Skip to content


Truck Accidents 101: Causes and Culpability

Most passenger vehicles are no match for a fully loaded, 80,000-pound tractor-trailer barreling down the highway at high speed. In fact, in the event of a truck accident, it is often those outside of the truck that experience the most devastating consequences. According to the Insurance Institute for Highway Safety (IIHS), approximately 82% of truck accident fatalities are passenger vehicle occupants, motorcyclists, bicyclists, and pedestrians.

In the wake of this terrible situation, it’s not right for truck accident victims to foot the bill when a negligent trucking company or driver was responsible for the crash. With the right legal team on your side, you may be able to recover compensation from several potentially liable parties.

Who’s Responsible for a Truck Accident?

Most trucks are commercial vehicles, which means that a business is responsible for the trucks’ operation and maintenance. Therefore, there are many more parties responsible for the truck (and the driver operating it) than a traditional vehicle for which the owner is often the sole liable party.

In the event of a truck accident, there are several parties that may be held liable for damages, including, but not limited to, the following:

The Trucking Company

A trucking company has immense power and responsibility. Often, a trucking company’s actions will determine whether a safe fleet of trucks is on the road. Trucking companies are responsible for scheduling regular maintenance on their trucks, hiring qualified drivers, ensuring drivers do not exceed federal regulations for driving time limits, and more.

Acting in a reckless or negligent manner in regard to any of these responsibilities can have disastrous consequences.

For example, if a trucking company neglects to schedule regular maintenance for its trucks, and a subsequent tire blowout or brake failure causes an accident, then the trucking company may be held liable for the accident.

Accordingly, if a trucking company hires a driver who should not have been on the road—such as one with a DUI on their record—and the driver’s reckless driving causes an accident, then the trucking company may be held liable for its employee’s negligence.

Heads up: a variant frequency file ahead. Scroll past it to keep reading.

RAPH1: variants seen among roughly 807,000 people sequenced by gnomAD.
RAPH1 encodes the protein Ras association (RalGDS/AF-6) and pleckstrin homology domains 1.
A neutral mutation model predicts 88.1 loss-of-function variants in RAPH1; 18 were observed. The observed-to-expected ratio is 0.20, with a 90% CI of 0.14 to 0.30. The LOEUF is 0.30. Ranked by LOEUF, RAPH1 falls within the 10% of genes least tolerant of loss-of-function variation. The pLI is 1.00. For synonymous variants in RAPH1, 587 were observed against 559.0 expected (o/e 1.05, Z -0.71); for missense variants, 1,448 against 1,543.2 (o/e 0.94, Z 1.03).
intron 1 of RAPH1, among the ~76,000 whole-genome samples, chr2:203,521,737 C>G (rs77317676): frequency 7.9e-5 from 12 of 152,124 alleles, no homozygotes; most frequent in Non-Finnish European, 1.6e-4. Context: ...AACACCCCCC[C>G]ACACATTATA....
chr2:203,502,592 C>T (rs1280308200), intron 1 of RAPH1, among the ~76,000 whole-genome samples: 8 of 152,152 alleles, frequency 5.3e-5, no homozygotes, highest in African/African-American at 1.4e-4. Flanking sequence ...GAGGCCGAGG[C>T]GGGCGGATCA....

The Truck Driver

There are certain situations where a truck driver may be held liable for an accident directly. This could happen if the truck driver violates the Federal Motor Carrier Safety Administration’s (FMCSA) hours-of-service regulations, outside of the trucking company’s orders or influence.

Similarly, if a truck driver drove while intoxicated, either on drugs or alcohol, and this impairment causes a crash, then the driver alone may be held liable for the incident, since their own actions (not the trucking company’s) caused the crash.

However, it’s important to note that employers can be held liable for any reckless action committed by an employee. This is known as “respondeat superior,” or vicarious liability, and refers to when an employer is legally responsible for the actions of its employee if the employee is acting within the course and scope of employment.

Such situations can be complicated, so it’s in your best interest to contact an experienced personal injury attorney who can sort out the details of your case.

The Cargo Loaders

Other employees who may be held liable for a truck accident is the trucking company’s cargo loaders. Cargo must be loaded onto a truck evenly and securely in order to prevent cargo shift when the truck is traveling at high speeds. The failure to do so may make the cargo loaders liable for any accidents that result due to this negligence.

The Truck’s Manufacturer

In certain situations, the truck’s manufacturer may be held liable for an accident if it sent a truck to the market that had an inherent design or manufacturing flaw. If, for example, a manufacturer designed a series of trucks that all had an unforeseen brake defect, and this defect later causes an accident, then the manufacturer may be held liable for damages through a product liability claim.

Subcontractors or Subhaulers

Trucking companies often hire subcontractors (also known as “subhaulers”) to haul soil, aggregate, mulch, rock, and more for construction projects. Trucking companies remain responsible for any negligent or reckless actions of anyone they subcontract during the hauling job. However, it should be noted that subhaulers have an independent duty of inspection when it comes to their vehicles and are responsible for all equipment they tow.

What to Do After a Truck Accident

If you are involved in a truck accident, it’s important for you to take certain measures, if you are physically able to do so. These steps can ensure the viability of your claim down the line.

  • Check to see if anyone requires medical attention, and contact emergency medical services if this is the case.
  • Exchange contact, vehicle, and insurance information with the truck driver. Get their employer’s name and business contact information as well.
  • Seek medical attention and retain all records of treatment.
  • Take photos of injuries and property damage sustained during the crash.
  • Ask for a copy of the responding officer’s police report.
  • See if there are any nearby cameras whose footage can be used as supporting evidence.
  • Contact an experienced personal injury attorney.

Injured in a Truck Accident? We’re Here to Help

We understand how devastating truck accidents can be for victims. It’s often difficult to ever fully recover from one.

If you or someone you love has been injured in a truck accident, our San Jose personal injury attorneys are here to help. We have helped countless clients recover the compensation they need for medical bills, lost wages, pain and suffering, and more after a serious accident. We’re here to help you through this difficult time and get your life back on track.